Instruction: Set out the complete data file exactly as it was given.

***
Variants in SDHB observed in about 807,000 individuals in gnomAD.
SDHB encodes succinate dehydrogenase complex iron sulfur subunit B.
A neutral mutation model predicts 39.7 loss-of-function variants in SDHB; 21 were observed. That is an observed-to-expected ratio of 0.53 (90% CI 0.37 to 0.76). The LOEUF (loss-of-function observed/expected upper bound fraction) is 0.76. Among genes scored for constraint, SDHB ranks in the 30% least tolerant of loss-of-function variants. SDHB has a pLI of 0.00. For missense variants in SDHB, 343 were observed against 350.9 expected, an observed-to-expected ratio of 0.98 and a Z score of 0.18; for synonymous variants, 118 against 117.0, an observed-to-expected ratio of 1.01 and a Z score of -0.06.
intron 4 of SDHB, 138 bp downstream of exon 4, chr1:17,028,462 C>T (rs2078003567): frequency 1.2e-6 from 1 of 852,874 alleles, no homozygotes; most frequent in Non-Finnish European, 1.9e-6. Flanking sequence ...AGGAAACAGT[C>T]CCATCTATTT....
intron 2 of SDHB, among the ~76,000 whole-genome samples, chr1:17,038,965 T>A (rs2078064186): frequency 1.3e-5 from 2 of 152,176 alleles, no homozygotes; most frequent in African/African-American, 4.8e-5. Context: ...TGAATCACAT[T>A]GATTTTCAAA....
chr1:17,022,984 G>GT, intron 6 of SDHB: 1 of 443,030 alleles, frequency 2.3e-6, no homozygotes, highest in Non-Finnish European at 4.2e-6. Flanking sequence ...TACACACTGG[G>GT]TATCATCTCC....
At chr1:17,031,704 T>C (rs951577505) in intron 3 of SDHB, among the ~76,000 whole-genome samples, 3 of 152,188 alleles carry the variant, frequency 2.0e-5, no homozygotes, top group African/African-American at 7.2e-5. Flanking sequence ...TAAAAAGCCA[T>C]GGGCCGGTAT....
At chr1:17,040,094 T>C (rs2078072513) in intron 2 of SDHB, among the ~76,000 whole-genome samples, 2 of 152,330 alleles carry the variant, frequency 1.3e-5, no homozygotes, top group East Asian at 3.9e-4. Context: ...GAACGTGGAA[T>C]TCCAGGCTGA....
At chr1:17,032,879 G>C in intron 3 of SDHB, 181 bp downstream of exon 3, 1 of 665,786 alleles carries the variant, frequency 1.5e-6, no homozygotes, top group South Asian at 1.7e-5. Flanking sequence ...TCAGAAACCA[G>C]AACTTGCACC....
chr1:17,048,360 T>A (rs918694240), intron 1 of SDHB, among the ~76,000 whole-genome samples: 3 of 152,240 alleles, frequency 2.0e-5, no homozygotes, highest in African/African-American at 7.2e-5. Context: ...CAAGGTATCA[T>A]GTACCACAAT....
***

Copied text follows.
Variants in SDHB observed in about 807,000 individuals in gnomAD.
SDHB encodes succinate dehydrogenase complex iron sulfur subunit B.
A neutral mutation model predicts 39.7 loss-of-function variants in SDHB; 21 were observed. That is an observed-to-expected ratio of 0.53 (90% CI 0.37 to 0.76). The LOEUF (loss-of-function observed/expected upper bound fraction) is 0.76. Among genes scored for constraint, SDHB ranks in the 30% least tolerant of loss-of-function variants. SDHB has a pLI of 0.00. For missense variants in SDHB, 343 were observed against 350.9 expected, an observed-to-expected ratio of 0.98 and a Z score of 0.18; for synonymous variants, 118 against 117.0, an observed-to-expected ratio of 1.01 and a Z score of -0.06.
intron 4 of SDHB, 138 bp downstream of exon 4, chr1:17,028,462 C>T (rs2078003567): frequency 1.2e-6 from 1 of 852,874 alleles, no homozygotes; most frequent in Non-Finnish European, 1.9e-6. Flanking sequence ...AGGAAACAGT[C>T]CCATCTATTT....
intron 2 of SDHB, among the ~76,000 whole-genome samples, chr1:17,038,965 T>A (rs2078064186): frequency 1.3e-5 from 2 of 152,176 alleles, no homozygotes; most frequent in African/African-American, 4.8e-5. Context: ...TGAATCACAT[T>A]GATTTTCAAA....
chr1:17,022,984 G>GT, intron 6 of SDHB: 1 of 443,030 alleles, frequency 2.3e-6, no homozygotes, highest in Non-Finnish European at 4.2e-6. Flanking sequence ...TACACACTGG[G>GT]TATCATCTCC....
At chr1:17,031,704 T>C (rs951577505) in intron 3 of SDHB, among the ~76,000 whole-genome samples, 3 of 152,188 alleles carry the variant, frequency 2.0e-5, no homozygotes, top group African/African-American at 7.2e-5. Flanking sequence ...TAAAAAGCCA[T>C]GGGCCGGTAT....
At chr1:17,040,094 T>C (rs2078072513) in intron 2 of SDHB, among the ~76,000 whole-genome samples, 2 of 152,330 alleles carry the variant, frequency 1.3e-5, no homozygotes, top group East Asian at 3.9e-4. Context: ...GAACGTGGAA[T>C]TCCAGGCTGA....
At chr1:17,032,879 G>C in intron 3 of SDHB, 181 bp downstream of exon 3, 1 of 665,786 alleles carries the variant, frequency 1.5e-6, no homozygotes, top group South Asian at 1.7e-5. Flanking sequence ...TCAGAAACCA[G>C]AACTTGCACC....
chr1:17,048,360 T>A (rs918694240), intron 1 of SDHB, among the ~76,000 whole-genome samples: 3 of 152,240 alleles, frequency 2.0e-5, no homozygotes, highest in African/African-American at 7.2e-5. Context: ...CAAGGTATCA[T>A]GTACCACAAT....